Jack Nicholson looks across the table at Helen Hunt and agonizes to make a compliment. It is not hat he does not have one to give. He does. But, his character, Melvin, suffers a terrible misanthropic streak. He expresses disdain for nearly all human beings until he meets her, Carol.
Melvin works hard to get the words in order. His malady always gets in the way making everyone suspicious of those few moments he is sincere. Finally, he gets his words out, “You make me want to be a better man.”
All of us have, or have had, edges we need smoothed out. We may not be as severe as Melvin. But, we, like Melvin, learn that being a better human being comes when we encounter great love.
There is little doubt that over the past thirty years, really thirty-four if you go back to the very beginning, the love Patty has expressed, in a kaleidoscope of ways, contributes to the desire of wanting to be a better man. I like to think I have never been like Melvin. But, you know there could have been flashes of such behavior to be sure.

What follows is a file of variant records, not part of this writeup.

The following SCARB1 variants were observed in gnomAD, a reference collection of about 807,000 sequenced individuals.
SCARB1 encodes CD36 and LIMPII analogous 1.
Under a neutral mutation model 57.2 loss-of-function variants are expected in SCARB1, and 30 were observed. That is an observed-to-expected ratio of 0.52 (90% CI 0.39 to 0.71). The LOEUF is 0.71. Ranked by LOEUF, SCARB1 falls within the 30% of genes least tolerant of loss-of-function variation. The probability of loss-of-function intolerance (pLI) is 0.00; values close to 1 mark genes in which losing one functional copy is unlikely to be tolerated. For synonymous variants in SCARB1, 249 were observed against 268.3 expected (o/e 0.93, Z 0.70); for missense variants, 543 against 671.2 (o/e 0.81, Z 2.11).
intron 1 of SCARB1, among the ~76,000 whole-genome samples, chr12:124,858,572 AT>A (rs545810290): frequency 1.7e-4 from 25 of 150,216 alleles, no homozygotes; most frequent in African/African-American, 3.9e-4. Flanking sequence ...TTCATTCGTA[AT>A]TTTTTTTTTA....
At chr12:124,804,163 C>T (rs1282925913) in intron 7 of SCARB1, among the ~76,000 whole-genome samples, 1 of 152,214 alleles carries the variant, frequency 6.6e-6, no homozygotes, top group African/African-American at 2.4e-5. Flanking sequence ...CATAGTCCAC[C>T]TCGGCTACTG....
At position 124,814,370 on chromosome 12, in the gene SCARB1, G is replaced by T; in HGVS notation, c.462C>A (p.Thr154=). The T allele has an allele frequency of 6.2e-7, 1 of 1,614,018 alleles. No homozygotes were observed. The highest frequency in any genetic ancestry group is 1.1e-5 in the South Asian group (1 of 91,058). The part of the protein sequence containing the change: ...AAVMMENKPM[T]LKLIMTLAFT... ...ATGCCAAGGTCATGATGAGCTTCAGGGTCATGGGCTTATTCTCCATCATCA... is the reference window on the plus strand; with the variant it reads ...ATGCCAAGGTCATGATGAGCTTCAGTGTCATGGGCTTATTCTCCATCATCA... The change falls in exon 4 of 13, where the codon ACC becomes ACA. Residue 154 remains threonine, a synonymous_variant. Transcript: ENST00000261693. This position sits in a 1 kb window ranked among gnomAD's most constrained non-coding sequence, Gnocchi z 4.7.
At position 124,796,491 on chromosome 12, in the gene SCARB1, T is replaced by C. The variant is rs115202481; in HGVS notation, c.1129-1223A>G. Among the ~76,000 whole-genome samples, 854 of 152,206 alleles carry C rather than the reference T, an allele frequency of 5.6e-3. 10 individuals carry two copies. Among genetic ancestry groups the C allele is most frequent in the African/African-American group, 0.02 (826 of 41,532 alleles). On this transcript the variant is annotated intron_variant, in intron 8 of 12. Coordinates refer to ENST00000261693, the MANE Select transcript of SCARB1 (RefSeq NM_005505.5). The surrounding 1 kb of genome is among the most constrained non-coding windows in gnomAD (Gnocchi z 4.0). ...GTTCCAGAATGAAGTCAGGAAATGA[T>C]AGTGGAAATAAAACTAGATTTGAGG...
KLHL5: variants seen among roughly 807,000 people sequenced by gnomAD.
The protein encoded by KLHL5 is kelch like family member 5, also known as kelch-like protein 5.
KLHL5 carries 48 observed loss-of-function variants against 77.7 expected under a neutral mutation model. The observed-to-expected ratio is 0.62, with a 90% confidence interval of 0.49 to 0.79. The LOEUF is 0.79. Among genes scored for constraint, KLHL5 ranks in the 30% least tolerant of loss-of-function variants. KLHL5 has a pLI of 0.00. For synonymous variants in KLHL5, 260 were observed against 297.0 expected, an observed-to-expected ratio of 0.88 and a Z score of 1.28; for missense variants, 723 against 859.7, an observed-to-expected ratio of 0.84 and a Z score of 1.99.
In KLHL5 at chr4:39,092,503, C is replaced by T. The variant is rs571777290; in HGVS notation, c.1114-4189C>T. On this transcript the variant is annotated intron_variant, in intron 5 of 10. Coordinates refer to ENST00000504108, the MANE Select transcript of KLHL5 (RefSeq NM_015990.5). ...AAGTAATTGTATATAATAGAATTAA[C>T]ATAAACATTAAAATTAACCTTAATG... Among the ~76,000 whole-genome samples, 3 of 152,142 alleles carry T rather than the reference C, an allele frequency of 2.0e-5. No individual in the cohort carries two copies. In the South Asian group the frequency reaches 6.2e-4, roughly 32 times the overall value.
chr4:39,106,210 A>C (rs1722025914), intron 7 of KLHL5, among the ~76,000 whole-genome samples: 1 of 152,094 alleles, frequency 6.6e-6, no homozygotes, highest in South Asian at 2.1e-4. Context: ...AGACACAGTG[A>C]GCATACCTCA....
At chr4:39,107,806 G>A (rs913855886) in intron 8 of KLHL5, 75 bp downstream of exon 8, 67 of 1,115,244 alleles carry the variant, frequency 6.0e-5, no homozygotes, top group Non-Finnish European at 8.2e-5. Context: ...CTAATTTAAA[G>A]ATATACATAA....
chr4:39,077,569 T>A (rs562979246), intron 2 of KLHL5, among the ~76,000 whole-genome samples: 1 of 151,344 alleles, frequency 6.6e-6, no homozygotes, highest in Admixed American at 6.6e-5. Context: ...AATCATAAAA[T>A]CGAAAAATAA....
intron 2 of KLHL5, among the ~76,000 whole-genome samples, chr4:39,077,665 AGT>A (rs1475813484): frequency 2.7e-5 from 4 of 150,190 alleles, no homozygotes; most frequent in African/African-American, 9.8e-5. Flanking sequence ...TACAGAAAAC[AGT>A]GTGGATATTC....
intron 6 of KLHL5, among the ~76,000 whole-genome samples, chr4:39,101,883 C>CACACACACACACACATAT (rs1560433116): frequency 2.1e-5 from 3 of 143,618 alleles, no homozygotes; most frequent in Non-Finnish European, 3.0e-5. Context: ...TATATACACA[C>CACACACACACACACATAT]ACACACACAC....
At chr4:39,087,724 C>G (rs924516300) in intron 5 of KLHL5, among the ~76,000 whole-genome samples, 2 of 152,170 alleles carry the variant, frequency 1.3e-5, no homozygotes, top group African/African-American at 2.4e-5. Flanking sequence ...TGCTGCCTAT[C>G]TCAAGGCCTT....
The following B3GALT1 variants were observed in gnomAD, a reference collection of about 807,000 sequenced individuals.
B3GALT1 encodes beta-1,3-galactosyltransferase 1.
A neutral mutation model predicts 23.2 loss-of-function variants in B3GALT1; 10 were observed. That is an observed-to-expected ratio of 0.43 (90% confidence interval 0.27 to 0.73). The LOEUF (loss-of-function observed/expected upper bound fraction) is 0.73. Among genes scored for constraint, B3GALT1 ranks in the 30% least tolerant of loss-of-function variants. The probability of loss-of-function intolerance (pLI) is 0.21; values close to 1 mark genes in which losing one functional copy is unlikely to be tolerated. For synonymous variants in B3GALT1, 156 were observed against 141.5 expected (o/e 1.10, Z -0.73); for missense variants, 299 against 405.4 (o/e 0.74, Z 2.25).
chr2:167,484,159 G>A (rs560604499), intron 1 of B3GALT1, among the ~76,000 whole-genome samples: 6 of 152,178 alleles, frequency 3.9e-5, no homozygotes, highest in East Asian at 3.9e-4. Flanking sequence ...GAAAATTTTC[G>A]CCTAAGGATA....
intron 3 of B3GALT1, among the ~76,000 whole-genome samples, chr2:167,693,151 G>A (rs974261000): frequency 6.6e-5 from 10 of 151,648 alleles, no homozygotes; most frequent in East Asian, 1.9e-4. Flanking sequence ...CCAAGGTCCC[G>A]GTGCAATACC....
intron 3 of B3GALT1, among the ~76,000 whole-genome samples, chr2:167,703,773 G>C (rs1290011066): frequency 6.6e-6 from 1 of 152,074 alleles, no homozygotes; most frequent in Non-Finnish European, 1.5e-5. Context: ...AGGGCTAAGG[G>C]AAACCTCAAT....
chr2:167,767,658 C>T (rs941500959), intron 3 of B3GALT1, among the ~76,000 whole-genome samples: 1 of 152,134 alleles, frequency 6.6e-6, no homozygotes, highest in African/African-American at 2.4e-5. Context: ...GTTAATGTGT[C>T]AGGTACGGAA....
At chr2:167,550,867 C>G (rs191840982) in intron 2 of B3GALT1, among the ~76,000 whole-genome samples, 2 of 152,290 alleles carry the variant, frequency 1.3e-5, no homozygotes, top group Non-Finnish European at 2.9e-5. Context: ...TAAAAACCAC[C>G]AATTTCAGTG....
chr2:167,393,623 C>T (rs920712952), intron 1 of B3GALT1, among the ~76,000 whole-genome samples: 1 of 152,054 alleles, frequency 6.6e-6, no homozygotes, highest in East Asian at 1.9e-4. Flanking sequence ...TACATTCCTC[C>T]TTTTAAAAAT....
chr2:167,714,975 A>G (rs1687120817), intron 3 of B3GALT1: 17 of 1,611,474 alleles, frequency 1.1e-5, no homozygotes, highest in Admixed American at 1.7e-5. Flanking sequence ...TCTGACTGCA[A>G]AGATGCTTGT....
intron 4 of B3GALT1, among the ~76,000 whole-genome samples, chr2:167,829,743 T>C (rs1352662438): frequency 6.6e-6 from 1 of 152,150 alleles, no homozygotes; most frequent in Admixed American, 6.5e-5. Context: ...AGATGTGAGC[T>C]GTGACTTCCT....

When I think of how we might express the materiality of faith in the love of God in Jesus, I cannot help but think that this is the way we find the love of God tactile, real. Rather than invite someone into an ethereal, make-believe world of love, we come face to face with the love of God as it is expressed in the love and care of people given to Jesus’ Way. That this sort of love shows up outside of the confines of a Christian subculture must be evidence of mercy and extravagant grace.
If Patty reads this, she will at this point say, “Now you have gone to preaching.”
So, in the event she ventures over to consider these thoughts I share with you, “Happy 30th Anniversary, Patty. You have and continue to make me want to be a better man.” And, remember, Mom always made/makes a big deal that the official time the anniversary event is, in this case, really 7:00 p.m. this evening.